## Facebook Hacker Cup 2011 Round 2 Problem 1 – some discussion

(see also the discussion of problem 3)

Facebook’s Hacker Cup online round 2 took place recently. The first problem (‘Scott’s New Trick’) was about counting products of elements of two series which are smaller than a given value L, modulo a given prime number P (see http://www.facebook.com/hackercup and links therein to see the exact problem statement). These two series were defined as linear homogeneous recurrence relations with constant coefficients.

The brute force approach consists of explicitly calculating all products of the two series (which have length M and N respectively), resulting in a complexity of O(M*N). With M and N allowed to go to ten million, M*N can be as high as 10^{14}. Even if one was able to test one pair per processor clock cycle, it would still take 10^{5} seconds (more than a day) with a 1 GHz processor with this approach in the worst case.

As we are performing operations on a finite field GF(P), one could imagine that the series of values starts repeating at some point and thus one would not have to calculate pairs of products of *all* elements of a series but only look at the elements of one period.

However, each element a_{i} was defined in terms of its **two** preceding elements a_{i-1} and a_{i-2} so there are P*P different states (rather than P) when generating the series and thus the period of the two series is bounded by P^{2}. With a maximum value of 250’000 for P, P^{2} is 62.5 billions in the worst case, corresponding to 62.5 seconds worth of CPU cycles on a 1 GHz processor. Moreover, the two series a and b need not have the same period and thus one would have to consider the least common multiple in terms of number of pairs of the two periods, which is O(P^{4}) in the worst case and thus not feasible.

A more elegant idea is to just count the **number of occurrences** of each of the possible P values in each series a and b, test for all possible products of integers a_{i}, b_{j} smaller than P whether they satisfy the condition (to be less than the given number L) and then weight the accepted products with (number of occurrences of a_{i}) * (number of occurrences of b_{j}). Such an approach reduces the complexity from O(N*M) to O(M+N+P^{2}). However, this is still at least at the limit for the calculation of 20 test cases within six minutes if not impossible.

A more efficient solution makes use of **discrete logarithms**. In other words, we write each integer x_{i} as x_{i} = g^{yi} where y_{i} is called the discrete logarithm of x_{i} with respect to the basis g. g is must be a primitive root modulo P to ensure that for any integer x_{i} ∈ [0..P-1] there is a value y_{i} which satisfies this equation. It takes O(P) time to calculate a map of all x_{i} to their logarithms y_{i} by simply calculating the powers 0..P-1 of g by repeated multiplication. Thus we can reformulate our problem from:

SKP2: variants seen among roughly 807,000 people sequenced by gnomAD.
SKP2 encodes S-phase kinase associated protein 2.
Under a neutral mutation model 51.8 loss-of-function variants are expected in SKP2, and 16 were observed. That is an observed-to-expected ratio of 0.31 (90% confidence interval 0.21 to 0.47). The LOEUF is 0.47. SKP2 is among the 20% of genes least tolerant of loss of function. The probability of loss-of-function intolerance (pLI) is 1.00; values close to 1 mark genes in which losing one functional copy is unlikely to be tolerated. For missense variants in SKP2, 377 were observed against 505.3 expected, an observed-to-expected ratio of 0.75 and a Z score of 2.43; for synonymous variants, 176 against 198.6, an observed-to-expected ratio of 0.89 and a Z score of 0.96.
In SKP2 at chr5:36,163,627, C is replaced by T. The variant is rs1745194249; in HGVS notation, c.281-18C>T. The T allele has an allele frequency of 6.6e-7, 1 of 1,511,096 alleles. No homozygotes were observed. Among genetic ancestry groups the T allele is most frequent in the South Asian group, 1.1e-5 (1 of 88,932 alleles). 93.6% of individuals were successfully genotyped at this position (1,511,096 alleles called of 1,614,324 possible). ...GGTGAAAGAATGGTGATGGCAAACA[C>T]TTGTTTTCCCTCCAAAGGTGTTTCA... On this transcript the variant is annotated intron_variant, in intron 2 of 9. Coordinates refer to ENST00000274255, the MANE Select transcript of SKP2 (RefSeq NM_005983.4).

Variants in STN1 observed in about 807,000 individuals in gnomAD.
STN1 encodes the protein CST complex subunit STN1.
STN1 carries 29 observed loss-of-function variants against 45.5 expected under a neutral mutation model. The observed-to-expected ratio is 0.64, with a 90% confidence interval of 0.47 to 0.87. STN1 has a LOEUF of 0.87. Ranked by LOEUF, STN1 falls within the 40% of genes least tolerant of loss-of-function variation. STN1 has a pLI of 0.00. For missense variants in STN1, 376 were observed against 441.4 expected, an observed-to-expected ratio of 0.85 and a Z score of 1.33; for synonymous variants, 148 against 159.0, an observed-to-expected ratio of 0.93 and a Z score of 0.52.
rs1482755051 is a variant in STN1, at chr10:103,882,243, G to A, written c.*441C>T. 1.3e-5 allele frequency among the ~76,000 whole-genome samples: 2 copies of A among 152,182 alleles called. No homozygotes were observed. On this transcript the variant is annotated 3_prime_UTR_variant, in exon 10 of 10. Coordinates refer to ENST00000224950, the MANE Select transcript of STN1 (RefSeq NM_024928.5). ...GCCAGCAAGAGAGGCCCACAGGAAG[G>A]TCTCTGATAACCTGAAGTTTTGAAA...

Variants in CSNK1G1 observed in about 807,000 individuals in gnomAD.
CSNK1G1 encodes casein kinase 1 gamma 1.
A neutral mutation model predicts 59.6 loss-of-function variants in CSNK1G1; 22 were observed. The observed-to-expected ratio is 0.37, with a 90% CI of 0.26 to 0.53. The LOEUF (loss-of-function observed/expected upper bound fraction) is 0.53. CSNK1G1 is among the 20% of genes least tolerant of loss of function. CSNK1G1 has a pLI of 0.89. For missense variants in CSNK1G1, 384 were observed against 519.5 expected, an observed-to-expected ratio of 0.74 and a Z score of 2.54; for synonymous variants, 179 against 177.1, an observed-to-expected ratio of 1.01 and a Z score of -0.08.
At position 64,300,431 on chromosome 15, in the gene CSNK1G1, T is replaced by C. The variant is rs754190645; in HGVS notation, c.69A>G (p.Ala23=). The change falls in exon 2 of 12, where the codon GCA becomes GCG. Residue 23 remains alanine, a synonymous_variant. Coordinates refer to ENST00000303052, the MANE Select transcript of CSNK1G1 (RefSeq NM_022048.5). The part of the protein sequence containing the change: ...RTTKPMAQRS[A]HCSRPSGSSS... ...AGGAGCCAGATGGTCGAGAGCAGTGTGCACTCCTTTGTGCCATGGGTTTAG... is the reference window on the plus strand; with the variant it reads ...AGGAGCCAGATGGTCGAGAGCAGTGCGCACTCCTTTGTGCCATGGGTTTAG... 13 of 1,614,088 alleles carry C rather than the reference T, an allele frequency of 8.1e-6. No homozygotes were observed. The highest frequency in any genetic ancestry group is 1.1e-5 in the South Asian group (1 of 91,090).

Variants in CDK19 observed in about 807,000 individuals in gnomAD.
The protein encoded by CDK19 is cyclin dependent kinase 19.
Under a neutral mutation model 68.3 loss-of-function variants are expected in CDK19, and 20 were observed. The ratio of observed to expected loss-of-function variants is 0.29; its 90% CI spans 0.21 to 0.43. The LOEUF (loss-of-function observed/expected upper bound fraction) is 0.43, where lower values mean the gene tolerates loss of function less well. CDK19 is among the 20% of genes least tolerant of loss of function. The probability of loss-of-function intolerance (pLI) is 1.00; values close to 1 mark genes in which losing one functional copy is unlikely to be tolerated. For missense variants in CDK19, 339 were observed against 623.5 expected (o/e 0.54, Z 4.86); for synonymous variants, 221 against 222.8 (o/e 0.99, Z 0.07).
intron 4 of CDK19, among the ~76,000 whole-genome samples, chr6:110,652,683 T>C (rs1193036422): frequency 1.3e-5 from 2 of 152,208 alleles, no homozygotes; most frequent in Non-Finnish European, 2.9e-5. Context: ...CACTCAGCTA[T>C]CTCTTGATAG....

- find all pairs of elements of the field GF(P) whose
**product**is equal to a given value V

to

- find all pairs of elements of the field GF(P) whose
**sum**is equal to a given value log_{g}V

where we would vary V from 0 to L-1. Note that taking the logarithm of each element in GF(P) simply corresponds to a reordering of the elements which we have to take into account when considering how often an integer appears in the sequences a and b (see above).

What do we gain from this transformation ? When writing down the transformed task as an equation, we want to calculate:

where w_{i} and v_{i} are the number of occurrences of element g^{wi} in the series a and g^{vi} in the series b, respectively. u_{k} is thus the sum of the products of all weights (i.e. number of occurrences) associated to pairs whose product is g^{i + (k-i)} = g^{k}. k is the discrete logarithm of V (introduced above) with respect to the base g.

Naturally one would think that one would need to calculate P products for these P equations (k ranges from 0 to P-1), thus still requiring O(P^{2}) operations. However, looking at it a bit more carefully, one realizes that this in fact a **discrete (circular) convolution**. And for this task, fast convolution algorithms exist which have O(P * log(P)) time complexity. One common approach for fast convolution is to transform the two sequences into Fourier space (using a fast Fourier transform) where the convolution of the series corresponds to the product of the transformed series and transform them back to the original space (using the inverse transform).

Another possibility is to use a Karatsuba like algorithm for convolution which has time complexity O(P^{1.585}). This algorithm is designed to multiply two numbers written as x_{n} * b^{n}+…+x_{0} * b^{0} and y_{n} * b^{n}+…+y_{0} * b^{0} where the x_{i} and y_{i} are the ‘digits’ and b is the radix. On the other hand, multiplying these two sums is this equivalent to finding the convolution of the series of coefficients x and y.

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